A Committee of One: Yuval Goren
Full disclosure: Yuval Goren has accused the BAR editor of having a “pivotal role” in fraud and the forgery. For the text of Goren’s accusation, see the January/February 2009 BAR.
In September 2004 a committee was appointed jointly, according to the committee report, by “the director of the Israel Museum and the Israel Antiquities Authority [IAA]” to consider the authenticity of the Ivory Pomegranate Inscription.
According to the report, the committee unanimously found the inscription to be a forgery.
Actually, it would be more accurate to say that one member of the committee, Professor Yuval Goren, found the inscription to be a forgery.
First of all, it was not a joint committee. According to the Israel Museum curator supposedly on the committee, Michal Dayagi-Mendels, the purported “joint committee” was “determined and led” by the IAA.
Next, Dayagi-Mendels was not really a member of the committee. She was only there “as an observer,” she reports. Yet she is listed in the report as a member.
Dayagi-Mendels is also listed as one of the authors of the committee report published in the Israel Exploration Journal1. She now states that “my name was added without my knowledge.” And she “did not participate in writing the article.”
Moreover, only Goren had any expertise in looking through a microscope to detect forgeries. The only two members who were epigraphists (Shmuel Ahituv and Aaron Demsky) had barely looked through a microscope before, and surely never to attempt to detect a forgery. The other “members” of the “committee” were even further afield from the expertise required to detect a forgery by examining letters through a microscope.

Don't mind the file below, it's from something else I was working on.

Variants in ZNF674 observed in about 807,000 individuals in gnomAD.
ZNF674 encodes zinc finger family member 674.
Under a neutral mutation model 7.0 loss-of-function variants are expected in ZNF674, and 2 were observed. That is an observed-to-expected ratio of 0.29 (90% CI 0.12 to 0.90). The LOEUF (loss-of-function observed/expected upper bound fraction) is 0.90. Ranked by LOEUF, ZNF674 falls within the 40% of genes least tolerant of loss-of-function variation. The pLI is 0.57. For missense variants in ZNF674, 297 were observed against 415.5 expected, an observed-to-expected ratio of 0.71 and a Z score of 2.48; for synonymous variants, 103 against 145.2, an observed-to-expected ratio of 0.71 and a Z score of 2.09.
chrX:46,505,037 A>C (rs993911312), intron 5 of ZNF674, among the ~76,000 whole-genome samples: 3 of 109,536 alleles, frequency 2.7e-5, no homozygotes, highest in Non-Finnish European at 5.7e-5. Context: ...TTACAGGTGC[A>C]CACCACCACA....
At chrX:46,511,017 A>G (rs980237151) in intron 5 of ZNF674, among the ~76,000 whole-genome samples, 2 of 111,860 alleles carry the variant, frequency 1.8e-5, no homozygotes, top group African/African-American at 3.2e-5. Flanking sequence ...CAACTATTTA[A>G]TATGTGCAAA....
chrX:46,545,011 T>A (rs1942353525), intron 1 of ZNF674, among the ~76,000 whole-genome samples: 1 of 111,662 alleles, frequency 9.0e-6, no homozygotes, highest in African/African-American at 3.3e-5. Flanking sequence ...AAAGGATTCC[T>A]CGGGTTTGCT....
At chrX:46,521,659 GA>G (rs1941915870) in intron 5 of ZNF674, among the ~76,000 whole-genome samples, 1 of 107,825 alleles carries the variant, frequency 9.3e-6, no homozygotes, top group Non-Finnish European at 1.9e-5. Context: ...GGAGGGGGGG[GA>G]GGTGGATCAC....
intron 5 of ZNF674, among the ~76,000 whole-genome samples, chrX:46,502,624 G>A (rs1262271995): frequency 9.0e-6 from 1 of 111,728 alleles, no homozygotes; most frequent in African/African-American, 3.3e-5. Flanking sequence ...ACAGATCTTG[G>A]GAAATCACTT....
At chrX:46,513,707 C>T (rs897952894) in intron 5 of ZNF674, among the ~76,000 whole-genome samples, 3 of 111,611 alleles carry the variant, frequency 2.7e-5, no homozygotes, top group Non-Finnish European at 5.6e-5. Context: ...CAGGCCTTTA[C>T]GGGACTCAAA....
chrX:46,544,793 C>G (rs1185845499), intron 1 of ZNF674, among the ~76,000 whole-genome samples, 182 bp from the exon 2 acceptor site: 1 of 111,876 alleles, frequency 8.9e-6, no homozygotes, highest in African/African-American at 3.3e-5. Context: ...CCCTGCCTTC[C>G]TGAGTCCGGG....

Goren was in fact an old hand at “creating” a committee. He had previously led the IAA committee that found the James Ossuary Inscription (“James, son of Joseph, brother of Jesus”) to be a forgery. Several members of this “committee” did not express themselves regarding the inscription’s authenticity, but they were counted in the “unanimous” committee decision. Others either found original patina in some of the letters or said they were “forced” to change their mind regarding authenticity based on Yuval Goren’s scientific expertise.
In fact, the decision that the James Ossuary Inscription is a forgery is based on an oxygen isotope study that was analyzed by Yuval Goren (and performed by Avner Ayalon) but in which no one else on the committee had any expertise whatever. When analyzed by other experts, Goren’s oxygen isotope test (never before used for this purpose) turned out to be badly flawed.
One final point: In the report of the BAR meeting at the Israel Museum in May 2007, those attending (on both sides of the issue) devoted themselves to the partial letters of the inscription that either stop before an ancient break (proving forgery) or go into the break (proving authenticity).Only three letters are determinative. In their report, the “Israel Museum/IAA committee members admit that as to one of the letters, they were mistaken: they now admit that it does go into the break.” As for the second letter, “it is difficult to tell.” The third letter (a heh) they simply ignore! They just don’t discuss it, and yet it is the critical letter.
Will someone ask Yuval Goren why he ignored the heh? Why did he fail to discuss it? Does he now admit it goes into the break?
1 Yuval Goren, Shmuel Avituv, Avner Ayalon, Miyam Bar-Matthews, Uzi Dahari, Michal Dayagi-Mendels, Aaron Demsky, Nadav Levin, “A Re-Examination of the Inscribed Ivory Pomegranate from the Israel Museum,” Israel Exploration Journal, Vol. 55, p.3 (2005)
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